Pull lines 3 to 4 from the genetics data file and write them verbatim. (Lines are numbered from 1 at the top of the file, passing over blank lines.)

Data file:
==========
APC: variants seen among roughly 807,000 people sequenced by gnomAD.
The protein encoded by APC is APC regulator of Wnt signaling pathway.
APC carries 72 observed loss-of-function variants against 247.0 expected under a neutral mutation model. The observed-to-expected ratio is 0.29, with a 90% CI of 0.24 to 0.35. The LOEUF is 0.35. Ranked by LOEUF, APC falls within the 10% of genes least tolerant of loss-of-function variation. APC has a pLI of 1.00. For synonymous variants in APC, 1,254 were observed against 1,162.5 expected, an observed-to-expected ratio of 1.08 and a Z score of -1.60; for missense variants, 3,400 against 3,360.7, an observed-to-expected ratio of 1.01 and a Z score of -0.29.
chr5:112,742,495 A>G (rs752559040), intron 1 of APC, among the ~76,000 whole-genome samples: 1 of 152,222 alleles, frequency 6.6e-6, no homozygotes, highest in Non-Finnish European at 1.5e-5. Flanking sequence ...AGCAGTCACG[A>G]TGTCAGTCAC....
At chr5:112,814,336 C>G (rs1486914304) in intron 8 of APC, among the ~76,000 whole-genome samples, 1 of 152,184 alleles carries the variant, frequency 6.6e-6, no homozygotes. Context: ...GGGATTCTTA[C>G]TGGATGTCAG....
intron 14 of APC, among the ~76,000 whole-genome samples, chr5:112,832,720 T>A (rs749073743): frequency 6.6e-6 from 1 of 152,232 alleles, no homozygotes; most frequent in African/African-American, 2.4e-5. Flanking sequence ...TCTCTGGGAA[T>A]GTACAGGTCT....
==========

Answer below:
APC carries 72 observed loss-of-function variants against 247.0 expected under a neutral mutation model. The observed-to-expected ratio is 0.29, with a 90% CI of 0.24 to 0.35. The LOEUF is 0.35. Ranked by LOEUF, APC falls within the 10% of genes least tolerant of loss-of-function variation. APC has a pLI of 1.00. For synonymous variants in APC, 1,254 were observed against 1,162.5 expected, an observed-to-expected ratio of 1.08 and a Z score of -1.60; for missense variants, 3,400 against 3,360.7, an observed-to-expected ratio of 1.01 and a Z score of -0.29.
chr5:112,742,495 A>G (rs752559040), intron 1 of APC, among the ~76,000 whole-genome samples: 1 of 152,222 alleles, frequency 6.6e-6, no homozygotes, highest in Non-Finnish European at 1.5e-5. Flanking sequence ...AGCAGTCACG[A>G]TGTCAGTCAC....